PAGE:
All I knew was that he played at his height when he was young, during the Fifties and Sixties, around the time he gained fame in Moscow, in a way answering the Bolshoi in New York the way Shepard answered Gagarin. When I was a kid, I figured the Van was an insinuation of aristocracy, which portended his cultural stardom, like Charles Van Doren--the authentic artist, where Liberace was the cartoon facsimile. Anyway, he was so famous that I never thought to listen to him.
When I was no longer a kid, however, I discovered his recordings of Brahms, which I have played a hundred times in recent years, and turned into a kind of background music for my editing mind. I gave the recordings to my children, so much did I love them. I still didn't investigate his life or ask why he stopped appearing. I never had to know more than what I sensed, that his youthful power and precision was tempered by some kind of erotic hurt, which made the pressure of his fingers perfect. Just watch him play--in 1958, at the Moscow competition that made him famous, the first movement of the Rachmaninoff piano concerto no. 3. Try not to feel gratitude.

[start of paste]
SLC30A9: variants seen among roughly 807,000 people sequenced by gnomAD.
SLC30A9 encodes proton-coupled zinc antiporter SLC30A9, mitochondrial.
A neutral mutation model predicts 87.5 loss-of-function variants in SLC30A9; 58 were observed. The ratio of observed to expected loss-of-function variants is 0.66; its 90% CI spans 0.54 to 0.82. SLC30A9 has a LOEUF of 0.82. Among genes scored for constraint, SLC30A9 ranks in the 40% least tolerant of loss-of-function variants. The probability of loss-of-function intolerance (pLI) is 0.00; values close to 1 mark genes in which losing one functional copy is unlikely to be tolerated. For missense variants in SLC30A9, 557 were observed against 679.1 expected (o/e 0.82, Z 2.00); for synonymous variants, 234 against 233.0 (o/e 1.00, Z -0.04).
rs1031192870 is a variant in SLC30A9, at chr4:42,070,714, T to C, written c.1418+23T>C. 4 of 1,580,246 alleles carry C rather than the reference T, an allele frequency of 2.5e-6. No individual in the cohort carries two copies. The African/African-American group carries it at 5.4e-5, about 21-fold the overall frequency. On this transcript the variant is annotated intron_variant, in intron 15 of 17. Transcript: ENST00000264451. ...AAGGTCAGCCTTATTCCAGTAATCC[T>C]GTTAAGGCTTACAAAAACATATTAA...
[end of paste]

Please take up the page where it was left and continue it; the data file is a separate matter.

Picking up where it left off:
This, by the way, is my 500th. post, so a little poignant background music may be forgiven.